Goods movement is a backbone of Ontario’s economy, getting products to market and providing the things we need for daily life. Ontario exported nearly $200 billion in goods to the U.S. in 2017, and transportation and warehousing employs 340,000 Ontarians. The volume of goods moving by truck in Ontario is growing swiftly, fuelled by rapid economic and population growth: between 1990 and 2014, road freight activity in Ontario grew by 242 per cent. Trends like online shopping, just-in-time delivery, congestion and technological innovations are changing how and where goods move around. The trucking industry has to adapt to these realities.
Since fuel and maintenance account for about half of operating costs for most fleets, reducing fuel use is very important for business. It’s also important from a pollution perspective, since freight is now the source of just under 10 per cent of Ontario’s carbon pollution, and growing.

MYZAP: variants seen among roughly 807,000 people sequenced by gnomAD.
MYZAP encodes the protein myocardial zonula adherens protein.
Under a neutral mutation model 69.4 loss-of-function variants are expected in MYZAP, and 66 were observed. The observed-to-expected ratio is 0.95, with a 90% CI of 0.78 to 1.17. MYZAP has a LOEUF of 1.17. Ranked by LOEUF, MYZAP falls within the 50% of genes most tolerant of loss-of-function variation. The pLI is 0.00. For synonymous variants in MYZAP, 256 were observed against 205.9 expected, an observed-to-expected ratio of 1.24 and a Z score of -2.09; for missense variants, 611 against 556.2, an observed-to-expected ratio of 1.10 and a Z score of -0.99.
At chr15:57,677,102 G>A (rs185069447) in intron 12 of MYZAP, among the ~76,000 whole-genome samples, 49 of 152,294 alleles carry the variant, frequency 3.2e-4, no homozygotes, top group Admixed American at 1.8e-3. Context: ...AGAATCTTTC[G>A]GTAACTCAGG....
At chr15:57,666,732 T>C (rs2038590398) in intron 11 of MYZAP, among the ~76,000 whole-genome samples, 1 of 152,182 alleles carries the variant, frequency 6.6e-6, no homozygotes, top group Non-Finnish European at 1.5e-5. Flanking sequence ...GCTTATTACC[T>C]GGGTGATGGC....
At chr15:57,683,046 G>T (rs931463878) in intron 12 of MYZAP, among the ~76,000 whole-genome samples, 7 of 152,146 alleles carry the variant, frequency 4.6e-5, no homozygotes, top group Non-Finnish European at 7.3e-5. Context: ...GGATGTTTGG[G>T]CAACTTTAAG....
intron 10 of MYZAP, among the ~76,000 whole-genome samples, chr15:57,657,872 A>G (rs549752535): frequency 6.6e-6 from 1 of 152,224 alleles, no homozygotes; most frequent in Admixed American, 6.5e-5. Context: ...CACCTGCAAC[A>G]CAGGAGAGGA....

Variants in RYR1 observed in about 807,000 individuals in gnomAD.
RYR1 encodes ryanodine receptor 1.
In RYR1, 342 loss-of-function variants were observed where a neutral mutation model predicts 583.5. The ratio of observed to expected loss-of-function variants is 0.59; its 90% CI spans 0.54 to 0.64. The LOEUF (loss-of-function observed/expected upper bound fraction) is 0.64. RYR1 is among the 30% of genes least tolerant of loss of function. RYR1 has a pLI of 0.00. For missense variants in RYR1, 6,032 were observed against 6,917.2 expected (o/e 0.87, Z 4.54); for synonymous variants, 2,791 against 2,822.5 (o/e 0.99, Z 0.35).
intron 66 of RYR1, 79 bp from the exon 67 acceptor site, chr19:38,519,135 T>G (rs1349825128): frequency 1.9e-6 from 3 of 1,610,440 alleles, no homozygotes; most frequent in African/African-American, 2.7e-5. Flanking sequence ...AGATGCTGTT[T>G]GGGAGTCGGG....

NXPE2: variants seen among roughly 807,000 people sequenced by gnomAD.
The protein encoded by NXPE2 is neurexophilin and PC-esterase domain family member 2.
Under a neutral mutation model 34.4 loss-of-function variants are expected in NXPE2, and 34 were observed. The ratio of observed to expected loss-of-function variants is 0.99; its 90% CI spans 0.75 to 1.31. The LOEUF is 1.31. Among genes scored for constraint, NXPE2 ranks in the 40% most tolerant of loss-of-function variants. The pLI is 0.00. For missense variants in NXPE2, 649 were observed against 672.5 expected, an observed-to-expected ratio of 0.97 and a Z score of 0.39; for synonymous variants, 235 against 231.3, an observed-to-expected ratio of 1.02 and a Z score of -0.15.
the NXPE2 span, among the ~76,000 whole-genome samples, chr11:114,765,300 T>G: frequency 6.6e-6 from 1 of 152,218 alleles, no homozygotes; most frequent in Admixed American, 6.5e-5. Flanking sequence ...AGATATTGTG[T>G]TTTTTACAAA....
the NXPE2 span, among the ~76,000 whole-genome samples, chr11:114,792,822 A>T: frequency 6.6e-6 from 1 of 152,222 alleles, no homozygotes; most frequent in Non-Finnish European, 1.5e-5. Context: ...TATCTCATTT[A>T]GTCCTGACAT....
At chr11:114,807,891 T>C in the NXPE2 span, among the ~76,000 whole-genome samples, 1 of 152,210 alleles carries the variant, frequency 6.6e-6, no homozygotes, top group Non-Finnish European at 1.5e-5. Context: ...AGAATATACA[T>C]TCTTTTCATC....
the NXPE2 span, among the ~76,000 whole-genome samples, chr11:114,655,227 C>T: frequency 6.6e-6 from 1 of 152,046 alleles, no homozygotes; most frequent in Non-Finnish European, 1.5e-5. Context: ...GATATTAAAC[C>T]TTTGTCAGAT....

Building on the programs that exist to help businesses innovate and become more competitive, the PC government could champion efficient freight. As a first step, they should keep in place the provincial program that currently supports businesses, including family-run trucking companies, to retrofit their fleets to use less fuel (the Green Commercial Vehicles Program). Despite its strong support from the trucking industry, it will be lost unless the cap-and-trade system is kept in place or new funding is allocated. The government should also move forward with plans to establish a Strategic Goods Movement Network for the GTHA and better support municipalities who are leading the way on freight.
The next few months will have a lot of change in store for the province. Ontarians are looking to their new government to continue to safeguard their economic well-being and act with prudence in the best interest of all Ontarians. Early indications mean a course correction is necessary.
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Dave Salayka has been a professional forester and tree faller for most of his working life. He’s laid out cutblocks, worked in Alberta’s oilsands and...Continue reading